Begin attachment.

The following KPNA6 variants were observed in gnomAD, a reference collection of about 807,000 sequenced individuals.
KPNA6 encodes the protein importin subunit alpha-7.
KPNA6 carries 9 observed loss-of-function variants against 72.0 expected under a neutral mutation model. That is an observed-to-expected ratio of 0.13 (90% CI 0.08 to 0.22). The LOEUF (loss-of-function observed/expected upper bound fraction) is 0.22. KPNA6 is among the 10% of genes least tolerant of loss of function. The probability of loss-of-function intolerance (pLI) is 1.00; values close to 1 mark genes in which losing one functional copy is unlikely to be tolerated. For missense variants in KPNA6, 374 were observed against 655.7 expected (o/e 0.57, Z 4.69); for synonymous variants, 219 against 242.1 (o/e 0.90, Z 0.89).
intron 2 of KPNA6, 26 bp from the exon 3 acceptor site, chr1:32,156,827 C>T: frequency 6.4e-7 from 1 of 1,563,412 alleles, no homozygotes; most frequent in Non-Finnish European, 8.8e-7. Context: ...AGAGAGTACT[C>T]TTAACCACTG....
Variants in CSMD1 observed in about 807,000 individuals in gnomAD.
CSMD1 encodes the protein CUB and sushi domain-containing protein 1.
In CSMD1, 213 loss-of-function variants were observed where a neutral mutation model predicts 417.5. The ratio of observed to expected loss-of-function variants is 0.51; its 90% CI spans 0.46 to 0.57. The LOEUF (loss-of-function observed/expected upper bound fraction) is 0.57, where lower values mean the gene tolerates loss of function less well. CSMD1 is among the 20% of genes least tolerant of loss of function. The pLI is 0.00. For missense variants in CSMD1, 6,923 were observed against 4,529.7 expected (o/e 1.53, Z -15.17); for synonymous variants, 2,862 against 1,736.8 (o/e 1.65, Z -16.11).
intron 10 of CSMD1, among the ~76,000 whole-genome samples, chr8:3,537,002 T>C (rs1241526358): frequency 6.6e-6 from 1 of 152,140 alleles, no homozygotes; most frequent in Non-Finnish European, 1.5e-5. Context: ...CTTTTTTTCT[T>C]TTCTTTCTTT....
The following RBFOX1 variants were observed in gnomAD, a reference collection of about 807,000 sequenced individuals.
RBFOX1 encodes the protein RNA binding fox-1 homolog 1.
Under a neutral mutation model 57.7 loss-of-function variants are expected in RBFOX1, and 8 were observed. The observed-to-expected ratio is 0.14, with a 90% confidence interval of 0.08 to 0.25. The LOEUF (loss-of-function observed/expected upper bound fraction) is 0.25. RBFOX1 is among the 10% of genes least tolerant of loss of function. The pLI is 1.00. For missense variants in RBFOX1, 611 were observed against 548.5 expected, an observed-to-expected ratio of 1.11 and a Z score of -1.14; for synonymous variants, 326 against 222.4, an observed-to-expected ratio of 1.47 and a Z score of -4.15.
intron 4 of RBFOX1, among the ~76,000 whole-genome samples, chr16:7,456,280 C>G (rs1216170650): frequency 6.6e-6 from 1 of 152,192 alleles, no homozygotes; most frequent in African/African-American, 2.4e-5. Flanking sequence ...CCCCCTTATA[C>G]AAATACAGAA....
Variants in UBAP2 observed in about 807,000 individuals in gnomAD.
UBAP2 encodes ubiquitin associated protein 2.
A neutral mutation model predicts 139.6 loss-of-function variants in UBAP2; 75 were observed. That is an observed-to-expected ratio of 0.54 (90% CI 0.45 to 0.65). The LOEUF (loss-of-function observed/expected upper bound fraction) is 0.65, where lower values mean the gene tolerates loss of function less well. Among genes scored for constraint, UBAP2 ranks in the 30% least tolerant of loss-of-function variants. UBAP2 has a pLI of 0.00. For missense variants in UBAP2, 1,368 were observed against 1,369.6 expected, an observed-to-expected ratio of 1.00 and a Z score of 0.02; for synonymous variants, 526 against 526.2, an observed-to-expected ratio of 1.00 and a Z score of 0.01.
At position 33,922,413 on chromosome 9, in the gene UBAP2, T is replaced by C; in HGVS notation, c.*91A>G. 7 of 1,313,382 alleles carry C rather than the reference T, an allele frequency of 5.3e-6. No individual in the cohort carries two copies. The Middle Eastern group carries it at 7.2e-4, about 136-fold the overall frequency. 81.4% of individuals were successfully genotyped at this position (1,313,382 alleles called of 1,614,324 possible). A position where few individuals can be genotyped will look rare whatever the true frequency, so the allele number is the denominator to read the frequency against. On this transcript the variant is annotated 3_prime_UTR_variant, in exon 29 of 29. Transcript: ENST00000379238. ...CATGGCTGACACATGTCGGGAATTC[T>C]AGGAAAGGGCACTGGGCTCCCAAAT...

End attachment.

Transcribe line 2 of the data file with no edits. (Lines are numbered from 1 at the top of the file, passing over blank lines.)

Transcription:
KPNA6 encodes the protein importin subunit alpha-7.